Walter E. Williams

 Kotkin reports: "Some 400,000 E.U. science and technology graduates currently reside in the United States, and barely one in seven, according to a recent European Commission poll, intend to return." It's not only the best brains who migrate to our country; poor people come as well. There's one important difference between the world's poor who come to America and those who go to Europe. The poor tend to prosper much more here than they do in Europe. American success and European jealousy might explain some of their anti-Americanism, particularly virulent among Europe's elite.

 Zinsmeister reports that when "Asked which countries are the biggest threat to world peace, Europeans name the U.S. as often as North Korea and Iran (each are picked by 53 percent). Countries characterized by Euros as less menacing than the U.S. include Syria, Iraq, Russia, China, Afghanistan, and Libya."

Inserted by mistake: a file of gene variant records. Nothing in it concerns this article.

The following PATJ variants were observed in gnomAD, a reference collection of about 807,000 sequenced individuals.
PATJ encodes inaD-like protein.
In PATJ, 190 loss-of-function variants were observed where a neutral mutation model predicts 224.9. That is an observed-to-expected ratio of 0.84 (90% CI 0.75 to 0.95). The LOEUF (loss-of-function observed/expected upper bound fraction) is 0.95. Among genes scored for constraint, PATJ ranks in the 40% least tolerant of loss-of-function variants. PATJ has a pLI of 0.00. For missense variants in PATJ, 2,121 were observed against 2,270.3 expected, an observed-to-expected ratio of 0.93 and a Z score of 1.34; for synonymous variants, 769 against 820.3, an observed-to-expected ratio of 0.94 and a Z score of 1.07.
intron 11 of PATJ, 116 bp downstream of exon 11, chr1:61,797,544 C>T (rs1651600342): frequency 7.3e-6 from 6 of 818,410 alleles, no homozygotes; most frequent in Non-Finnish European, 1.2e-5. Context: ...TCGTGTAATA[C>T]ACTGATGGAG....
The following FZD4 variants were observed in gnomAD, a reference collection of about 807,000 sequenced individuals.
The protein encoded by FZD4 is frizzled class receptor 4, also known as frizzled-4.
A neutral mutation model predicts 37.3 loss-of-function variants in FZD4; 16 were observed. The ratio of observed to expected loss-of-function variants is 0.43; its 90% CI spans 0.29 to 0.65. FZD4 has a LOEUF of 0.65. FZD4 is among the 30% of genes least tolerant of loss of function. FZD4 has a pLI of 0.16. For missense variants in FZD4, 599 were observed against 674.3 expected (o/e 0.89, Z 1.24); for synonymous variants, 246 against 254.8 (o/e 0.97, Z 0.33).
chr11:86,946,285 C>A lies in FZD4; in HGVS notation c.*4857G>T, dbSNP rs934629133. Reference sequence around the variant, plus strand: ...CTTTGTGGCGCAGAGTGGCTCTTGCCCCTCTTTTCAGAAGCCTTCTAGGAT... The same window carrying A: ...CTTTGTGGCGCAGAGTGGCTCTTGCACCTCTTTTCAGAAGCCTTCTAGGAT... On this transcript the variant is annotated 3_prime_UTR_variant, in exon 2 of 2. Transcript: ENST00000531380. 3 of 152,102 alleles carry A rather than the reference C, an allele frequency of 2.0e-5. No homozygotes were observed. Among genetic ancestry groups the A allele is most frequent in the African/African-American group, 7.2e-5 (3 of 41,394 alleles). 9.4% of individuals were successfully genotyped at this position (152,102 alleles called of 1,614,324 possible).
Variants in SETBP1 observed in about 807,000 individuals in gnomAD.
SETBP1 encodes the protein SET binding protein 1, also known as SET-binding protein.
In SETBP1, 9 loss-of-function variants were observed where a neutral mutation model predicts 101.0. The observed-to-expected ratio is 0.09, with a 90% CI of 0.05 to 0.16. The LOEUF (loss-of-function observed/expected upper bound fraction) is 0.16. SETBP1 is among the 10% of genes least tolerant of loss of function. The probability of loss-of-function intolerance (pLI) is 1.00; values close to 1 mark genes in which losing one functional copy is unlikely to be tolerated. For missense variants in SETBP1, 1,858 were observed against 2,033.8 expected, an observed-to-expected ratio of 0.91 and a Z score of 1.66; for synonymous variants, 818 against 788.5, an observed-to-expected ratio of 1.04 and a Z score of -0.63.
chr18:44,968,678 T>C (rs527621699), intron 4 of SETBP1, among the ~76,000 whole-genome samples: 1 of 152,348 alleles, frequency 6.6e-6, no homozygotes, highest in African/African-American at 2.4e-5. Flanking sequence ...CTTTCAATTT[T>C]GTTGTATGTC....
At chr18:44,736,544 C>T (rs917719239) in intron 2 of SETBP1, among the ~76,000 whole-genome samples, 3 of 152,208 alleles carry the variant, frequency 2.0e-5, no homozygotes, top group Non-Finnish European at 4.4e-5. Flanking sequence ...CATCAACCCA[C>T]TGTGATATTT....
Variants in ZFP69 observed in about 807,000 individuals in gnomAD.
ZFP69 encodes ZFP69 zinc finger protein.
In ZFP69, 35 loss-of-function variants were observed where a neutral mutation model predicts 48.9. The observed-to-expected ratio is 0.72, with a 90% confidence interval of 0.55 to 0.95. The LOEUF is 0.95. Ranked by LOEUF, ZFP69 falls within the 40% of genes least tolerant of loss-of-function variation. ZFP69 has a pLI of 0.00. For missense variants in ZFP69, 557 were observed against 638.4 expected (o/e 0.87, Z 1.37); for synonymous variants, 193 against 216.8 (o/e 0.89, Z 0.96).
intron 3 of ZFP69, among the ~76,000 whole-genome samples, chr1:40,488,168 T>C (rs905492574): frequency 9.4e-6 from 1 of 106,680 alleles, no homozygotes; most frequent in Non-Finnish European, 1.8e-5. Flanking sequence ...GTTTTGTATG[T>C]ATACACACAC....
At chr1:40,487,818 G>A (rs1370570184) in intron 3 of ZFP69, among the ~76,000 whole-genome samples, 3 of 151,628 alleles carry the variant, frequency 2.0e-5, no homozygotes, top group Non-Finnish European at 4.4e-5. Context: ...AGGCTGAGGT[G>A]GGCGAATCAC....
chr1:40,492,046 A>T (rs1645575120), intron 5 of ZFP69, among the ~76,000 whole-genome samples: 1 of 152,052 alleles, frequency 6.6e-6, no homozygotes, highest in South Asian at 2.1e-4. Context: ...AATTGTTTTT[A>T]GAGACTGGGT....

Olaf Gersemann's article in The American Enterprise, "Europe's Not Working," says, "Nearly every top politician in Germany is on record giving a grave, smug warning about the danger of letting 'American conditions' seep into the German economy. In Germany's economic debate, 'American conditions' is code for stiff economic competition, low taxes, minimal state intrusion, and limited duration welfare payments." Many American elites share Europeans' anti-Americanism. They're also against "American conditions" and want us to have Europe's high taxes, highly regulated economy and socialized medicine. They also want us to share the European lack of will to protect themselves.

 In the past, Europeans were unwilling or unable to protect themselves against Nazism and communism. Now they demonstrate an unwillingness to protect themselves against Islam hell-bent on conquering the West. We just might have to pull Europe's chestnut out of the fire -- again.

Walter E. Williams

Dr. Williams serves on the faculty of George Mason University as John M. Olin Distinguished Professor of Economics and is the author of 'Race and Economics: How Much Can Be Blamed on Discrimination?' and 'Up from the Projects: An Autobiography.'
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